Need for Speed: 5 Super-Fast Land VehiclesNeed for Speed: 5 Super-Fast Land Vehicles

Need for Speed: 5 Super-Fast Land Vehicles

The quest for the land speed record has gone supersonic.

Fast, faster, fastest. Since the dawn of the industrial age, humans have been pushing the physical and technological limits of their machines to find out just how fast they can go. The first train rolls down the track – but let’s make it go faster. The first self-powered automobile rambles down a rutted road – but let’s make it go faster! The Wright brothers get their flying machine up into the air – but, by gosh, let’s make it go faster! 


Whew! Speed may kill, but it’s a fix we seem never to get enough of.


Can Guy Martin set a new world speed record for a motorbike? Watch Guy Martin: Fastest Man on Two Wheels? to find out.


For velocity addicts, one of the most alluring goals has been to go as fast as possible in a vehicle that remains on the ground. Here, in ascending order of the speeds they have achieved, are five of the fastest such rides ever produced.


1. North American Eagle Project (522.783 mph / 841.338 km/h)

(Source: Wikipedia)


Born from the ambition to convert an F-104 jet fighter into a land speed contender, this project flirted with the edges of what’s possible on land. Its Canadian-American team had hoped to break the sound barrier and perhaps the land speed record, but the project ended tragically on August 27, 2019, when it crashed, killing driver Jessi Combs. She was posthumously credited with the fastest land speed achieved by a woman.

2. Spirit of America – Sonic 1 (600.601 mph / 966.547 km/h)

(Credit: Daderot, via Wikimedia Commons)


In 1965, Craig Breedlove captured the world’s imagination by driving (or should we say, piloting) Spirit of America – Sonic 1 faster than a typical private business jet. In fact, it was powered by a General Electric J79 jet engine, a type used in military aircraft. The Sonic 1, with its three-wheel chassis, aerodynamic design, and powerful propulsion, pushed the limits of 1960s speed and technology.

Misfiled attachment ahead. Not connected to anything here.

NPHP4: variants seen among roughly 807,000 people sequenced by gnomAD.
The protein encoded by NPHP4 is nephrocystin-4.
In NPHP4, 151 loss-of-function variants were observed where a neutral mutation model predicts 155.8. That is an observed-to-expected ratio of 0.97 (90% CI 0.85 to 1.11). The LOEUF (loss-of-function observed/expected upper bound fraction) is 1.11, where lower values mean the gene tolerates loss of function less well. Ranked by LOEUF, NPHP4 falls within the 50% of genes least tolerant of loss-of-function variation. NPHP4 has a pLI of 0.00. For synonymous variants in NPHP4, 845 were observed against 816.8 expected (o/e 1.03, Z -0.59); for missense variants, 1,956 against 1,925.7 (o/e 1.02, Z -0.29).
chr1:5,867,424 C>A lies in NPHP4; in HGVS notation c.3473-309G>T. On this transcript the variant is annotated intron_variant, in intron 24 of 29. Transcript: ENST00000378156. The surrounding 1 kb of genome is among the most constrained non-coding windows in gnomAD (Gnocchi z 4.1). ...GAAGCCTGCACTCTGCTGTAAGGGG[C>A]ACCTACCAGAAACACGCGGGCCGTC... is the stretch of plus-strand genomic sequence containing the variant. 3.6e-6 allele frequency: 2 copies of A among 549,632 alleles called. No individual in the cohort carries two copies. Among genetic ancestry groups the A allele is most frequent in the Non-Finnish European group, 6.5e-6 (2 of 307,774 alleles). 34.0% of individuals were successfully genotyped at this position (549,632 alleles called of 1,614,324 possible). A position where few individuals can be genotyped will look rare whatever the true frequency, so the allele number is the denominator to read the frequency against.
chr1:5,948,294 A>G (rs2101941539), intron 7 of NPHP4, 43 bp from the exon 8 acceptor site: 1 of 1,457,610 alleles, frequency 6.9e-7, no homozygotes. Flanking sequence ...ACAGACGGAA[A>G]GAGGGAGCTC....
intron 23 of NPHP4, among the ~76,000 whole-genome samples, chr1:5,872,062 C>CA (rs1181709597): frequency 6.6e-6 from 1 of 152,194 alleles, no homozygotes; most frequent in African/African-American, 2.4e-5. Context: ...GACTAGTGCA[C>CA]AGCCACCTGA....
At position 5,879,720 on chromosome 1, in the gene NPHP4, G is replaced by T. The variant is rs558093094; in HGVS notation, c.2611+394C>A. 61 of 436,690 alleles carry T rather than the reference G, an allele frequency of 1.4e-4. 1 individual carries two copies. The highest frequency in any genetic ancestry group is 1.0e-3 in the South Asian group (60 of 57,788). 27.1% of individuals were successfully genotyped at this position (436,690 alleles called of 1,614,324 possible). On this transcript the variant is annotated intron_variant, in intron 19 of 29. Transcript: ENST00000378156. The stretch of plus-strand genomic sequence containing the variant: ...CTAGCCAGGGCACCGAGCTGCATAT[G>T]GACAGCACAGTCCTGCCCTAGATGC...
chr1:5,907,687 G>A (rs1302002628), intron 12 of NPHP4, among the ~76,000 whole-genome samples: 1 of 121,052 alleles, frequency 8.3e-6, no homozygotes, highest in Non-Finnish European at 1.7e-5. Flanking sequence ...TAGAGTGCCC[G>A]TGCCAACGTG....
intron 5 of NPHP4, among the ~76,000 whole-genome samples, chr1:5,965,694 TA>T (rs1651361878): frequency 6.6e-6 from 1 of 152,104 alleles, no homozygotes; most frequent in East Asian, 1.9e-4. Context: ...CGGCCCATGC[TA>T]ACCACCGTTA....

Bloodhound LSR (628 mph / 1011 km/h)

(Credit: Jules1982, via Wikimedia Commons)


Designed with the audacious goal of surpassing 1,000 mph (1609 km/h), this ongoing project combines a jet engine and a rocket motor to achieve unmatched thrust. Though it has yet to reach its ultimate goal, it managed to reach a top speed of 628 mph (1011 km/h) in November 2019. The project was at least temporarily derailed by the COVID pandemic and is currently seeking a new owner – and a new driver.

Blue Flame (630.388 mph / 1,014.656 km/h)

(Credit: Troxx, via Wikipedia)


Driven by Gary Gabelich, the Blue Flame claimed the world land speed record on the Bonneville Salt Flats, Utah, in 1970. Powered by a combination of liquefied natural gas and hydrogen peroxide, the vehicle’s rocket engine represented a significant leap in ecofriendly propulsion and showcased the potential for alternative fuels in high-performance applications. But its record speed would not stand.


ThrustSSC (763.065 mph / 1,227.986 km/h)

(Credit: Cmglee, via Wikimedia Commons)


The reigning monarch of land speed, this hyper-fast burner etched its name into history, in 1997, by becoming the first land vehicle to exceed the speed of sound. It was driven by Andy Green over a course in the Black Rock Desert of Nevada. Featuring a unique twin-hull structure, it was powered by twin Rolls-Royce Spey turbofan engines, adapted from the F-4 Phantom II jet fighter. It remains to be seen whether another land vehicle will be able to withstand the immense aerodynamic forces created by supersonic speeds.



Title Image: Postcard image of Thunderbolt, which set the land speed record of 312.2 mph in 1937 at the Bonneville Salt Flats, Utah. (Source: Boston Public Library Tichnor Brothers collection, via Wikimedia Commons


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